Statements and Speeches

WASHINGTON – Today, Senate Homeland Security and Governmental Affairs Committee Chairman Tom Carper (D-Del.) convened the hearing, “Improving Financial Management at the Department of Defense.” For more information on the hearing or to watch a webcast of the hearing, please click here.

 

Chairman Carper’s opening statement, as prepared for delivery, follows:

 

“Today’s hearing will examine the efforts underway at the Department of Defense to improve financial management and obtain a clean, unqualified audit of its books.

“Let’s begin today’s hearing by asking why financial management at DOD is important in the first place.  Accurate and complete financial accounts give agency leadership and Congress the information necessary for effective management and planning.  Clean, auditable financial statements also give us the information we need to hold agencies accountable, to look in every nook and cranny of federal spending and ask this question:  ‘Is it possible to get better results for less money?’

“After all, we can’t effectively identify areas to reduce spending if we don’t know how much, and where, we’re spending that money in the first place.

“Federal agencies have been required to produce auditable financial statements since the mid-1990s.  Unfortunately, nearly two decades later, the Department of Defense – which spends more than $2 billion every day -- has yet to meet this obligation.  Despite years of effort and one deadline after another, DOD’s books are so flawed that auditors still cannot even attempt to perform a complete audit.

“It’s no surprise, then, that the Department’s finances have been on the Government Accountability Office’s high-risk list since 1995. 

“In part, this is due to pervasive management deficiencies that would never be tolerated in a private sector business and that are actively being addressed in other federal agencies.   Here are just two examples.

“Just last month, the Government Accountability Office released a report showing that the Department’s antiquated inventory systems, often containing incomplete and inaccurate information, have led to millions of dollars in wasteful ammunition purchases.

“The Department continues to buy spare parts that it doesn’t need.  In fact, last year the Department gave this Committee figures showing that, at one point in 2013, it had $754 million worth of items that were on order, but not yet delivered, which the military services simply did not need. However, the Department still paid for and accepted the unneeded items.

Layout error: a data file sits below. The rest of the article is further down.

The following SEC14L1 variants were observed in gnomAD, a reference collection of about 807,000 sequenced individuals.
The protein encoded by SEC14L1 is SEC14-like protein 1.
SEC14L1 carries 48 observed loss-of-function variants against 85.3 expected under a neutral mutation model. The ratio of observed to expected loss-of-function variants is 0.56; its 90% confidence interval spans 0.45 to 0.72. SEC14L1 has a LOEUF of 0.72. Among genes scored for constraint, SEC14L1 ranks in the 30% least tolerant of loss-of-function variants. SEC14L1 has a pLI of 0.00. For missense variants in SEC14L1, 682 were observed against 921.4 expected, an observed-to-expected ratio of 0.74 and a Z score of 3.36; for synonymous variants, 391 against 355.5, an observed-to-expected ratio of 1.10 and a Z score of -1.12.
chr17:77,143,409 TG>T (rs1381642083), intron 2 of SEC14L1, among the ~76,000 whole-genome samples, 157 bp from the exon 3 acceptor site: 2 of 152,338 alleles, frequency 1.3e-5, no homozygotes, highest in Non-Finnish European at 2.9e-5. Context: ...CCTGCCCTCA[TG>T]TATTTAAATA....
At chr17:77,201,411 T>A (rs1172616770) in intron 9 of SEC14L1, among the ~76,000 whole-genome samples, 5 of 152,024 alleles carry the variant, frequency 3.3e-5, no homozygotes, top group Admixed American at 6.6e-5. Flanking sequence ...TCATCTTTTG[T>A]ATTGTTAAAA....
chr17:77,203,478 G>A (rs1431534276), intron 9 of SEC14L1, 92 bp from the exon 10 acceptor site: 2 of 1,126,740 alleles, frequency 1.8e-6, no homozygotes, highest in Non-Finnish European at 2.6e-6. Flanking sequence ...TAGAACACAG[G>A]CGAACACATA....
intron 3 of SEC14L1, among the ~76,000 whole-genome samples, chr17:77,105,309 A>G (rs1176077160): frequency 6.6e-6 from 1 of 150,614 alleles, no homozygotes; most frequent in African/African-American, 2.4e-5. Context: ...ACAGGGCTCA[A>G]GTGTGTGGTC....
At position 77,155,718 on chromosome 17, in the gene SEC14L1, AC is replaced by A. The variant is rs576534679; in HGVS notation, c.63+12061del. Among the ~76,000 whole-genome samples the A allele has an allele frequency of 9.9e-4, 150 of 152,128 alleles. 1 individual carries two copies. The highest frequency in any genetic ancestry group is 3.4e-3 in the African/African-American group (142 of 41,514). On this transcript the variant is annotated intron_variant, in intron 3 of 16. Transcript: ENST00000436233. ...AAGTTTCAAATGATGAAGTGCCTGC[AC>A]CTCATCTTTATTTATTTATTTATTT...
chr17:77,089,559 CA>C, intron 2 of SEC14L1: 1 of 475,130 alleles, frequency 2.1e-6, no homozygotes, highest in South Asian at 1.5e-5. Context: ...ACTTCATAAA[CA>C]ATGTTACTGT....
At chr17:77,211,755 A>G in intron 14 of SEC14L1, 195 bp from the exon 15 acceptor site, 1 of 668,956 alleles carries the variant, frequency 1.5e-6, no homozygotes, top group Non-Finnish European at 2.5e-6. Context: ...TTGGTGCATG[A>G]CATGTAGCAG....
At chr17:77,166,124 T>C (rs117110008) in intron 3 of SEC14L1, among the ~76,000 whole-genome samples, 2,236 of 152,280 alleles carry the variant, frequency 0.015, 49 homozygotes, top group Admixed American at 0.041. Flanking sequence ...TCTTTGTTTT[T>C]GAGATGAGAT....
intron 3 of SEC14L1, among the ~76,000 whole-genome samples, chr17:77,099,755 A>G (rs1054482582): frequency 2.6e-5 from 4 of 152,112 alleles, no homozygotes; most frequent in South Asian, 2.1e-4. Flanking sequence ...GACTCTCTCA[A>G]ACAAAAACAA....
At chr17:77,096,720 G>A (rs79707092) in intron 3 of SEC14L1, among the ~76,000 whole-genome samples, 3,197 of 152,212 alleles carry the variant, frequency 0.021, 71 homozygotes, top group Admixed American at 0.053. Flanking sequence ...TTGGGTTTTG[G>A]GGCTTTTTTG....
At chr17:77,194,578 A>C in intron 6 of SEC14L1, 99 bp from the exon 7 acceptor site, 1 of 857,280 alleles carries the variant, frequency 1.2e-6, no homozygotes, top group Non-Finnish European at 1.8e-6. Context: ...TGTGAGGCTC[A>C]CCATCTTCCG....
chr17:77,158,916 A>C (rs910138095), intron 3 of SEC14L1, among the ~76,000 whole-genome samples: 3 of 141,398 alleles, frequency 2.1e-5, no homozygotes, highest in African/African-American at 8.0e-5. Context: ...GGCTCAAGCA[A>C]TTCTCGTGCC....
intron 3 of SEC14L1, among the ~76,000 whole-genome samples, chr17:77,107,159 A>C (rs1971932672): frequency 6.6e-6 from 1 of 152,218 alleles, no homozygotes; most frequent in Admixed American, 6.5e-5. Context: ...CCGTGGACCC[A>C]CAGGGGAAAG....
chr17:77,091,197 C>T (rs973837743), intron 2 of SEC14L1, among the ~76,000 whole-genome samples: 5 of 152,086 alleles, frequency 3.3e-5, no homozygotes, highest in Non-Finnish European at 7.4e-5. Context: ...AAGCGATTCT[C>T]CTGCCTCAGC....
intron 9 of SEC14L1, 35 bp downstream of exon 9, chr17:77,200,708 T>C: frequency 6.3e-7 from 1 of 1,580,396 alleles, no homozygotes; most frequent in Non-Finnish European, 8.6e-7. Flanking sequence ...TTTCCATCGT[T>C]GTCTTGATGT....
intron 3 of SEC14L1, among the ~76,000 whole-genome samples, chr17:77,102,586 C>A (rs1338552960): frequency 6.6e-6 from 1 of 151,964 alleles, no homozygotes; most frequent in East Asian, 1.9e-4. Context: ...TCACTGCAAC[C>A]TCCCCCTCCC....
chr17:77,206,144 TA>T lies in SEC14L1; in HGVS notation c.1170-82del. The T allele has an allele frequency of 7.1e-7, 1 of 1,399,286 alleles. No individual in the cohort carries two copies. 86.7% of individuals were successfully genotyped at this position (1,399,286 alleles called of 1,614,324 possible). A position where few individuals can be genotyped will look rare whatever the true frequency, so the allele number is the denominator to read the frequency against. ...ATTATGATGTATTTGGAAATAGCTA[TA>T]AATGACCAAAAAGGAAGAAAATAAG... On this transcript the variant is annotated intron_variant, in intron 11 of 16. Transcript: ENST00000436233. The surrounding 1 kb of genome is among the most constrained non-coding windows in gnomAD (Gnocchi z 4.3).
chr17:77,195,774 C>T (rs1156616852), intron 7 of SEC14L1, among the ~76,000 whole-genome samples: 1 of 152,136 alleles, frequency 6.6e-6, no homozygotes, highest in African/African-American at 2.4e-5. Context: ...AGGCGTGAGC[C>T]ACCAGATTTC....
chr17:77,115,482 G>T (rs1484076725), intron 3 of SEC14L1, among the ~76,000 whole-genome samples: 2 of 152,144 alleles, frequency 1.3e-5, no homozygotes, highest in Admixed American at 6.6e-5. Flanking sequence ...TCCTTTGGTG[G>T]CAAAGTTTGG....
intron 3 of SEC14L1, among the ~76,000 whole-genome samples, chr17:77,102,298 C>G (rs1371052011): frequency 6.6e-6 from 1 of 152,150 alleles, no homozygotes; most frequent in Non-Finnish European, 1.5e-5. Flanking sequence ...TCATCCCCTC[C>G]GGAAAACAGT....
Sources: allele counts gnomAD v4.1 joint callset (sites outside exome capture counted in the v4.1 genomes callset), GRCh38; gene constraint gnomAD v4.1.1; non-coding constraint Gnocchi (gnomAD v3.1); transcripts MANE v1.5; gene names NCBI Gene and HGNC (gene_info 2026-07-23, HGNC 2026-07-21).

“This clearly is an unacceptable situation.  And these are just the problems we know about.  In all likelihood, the poor state of the Department’s books masks even more instances of waste and fraud.

“In these tough economic times, we simply cannot tolerate this continuing level of mismanagement and waste.

“In 2011, we met in this same room and had a hearing - maybe with the same title - and discussed how the Department was going to meet its statutory deadline of achieving financial auditability by 2017. 

“Just after that hearing, then-Secretary of Defense Leon Panetta made an important announcement that greatly elevated the priority of financial management. 

“He also established an additional deadline for a partial financial audit by the end of fiscal year 2014, in order quicken the pace of improvements.  To his credit, Secretary Hagel has stood by these goals. 

“This means that in seven months, the entire department should have its Statement of Budgetary Resources – a key financial component - ready for audit. 

“We are here today to get an update on this quickly approaching deadline.

“Fortunately, the Department of Defense can look to some recent successes to help find the right path to reach its goal.

“The Marine Corps has made some important progress in auditing its books, achieving a clean opinion on a portion of its fiscal year 2012 accounts, last December.  That is good news.

“Also, the Department of Homeland Security was until recently the only other Department unable to audit its finances.  Last year, Homeland Security was able to achieve a ‘clean’ audit. 

“The key question is whether the entire Department of Defense is learning enough, and fast enough, from these examples. 

“Today, we have been joined by several witnesses who are each key players in helping the Department of Defense improve its financial management processes and controls.

“Their work, if successful, will allow the Department to produce reliable financial statements that regularly produce critical information for decision makers. To our witnesses, thank you for joining us and we look forward to your testimony.”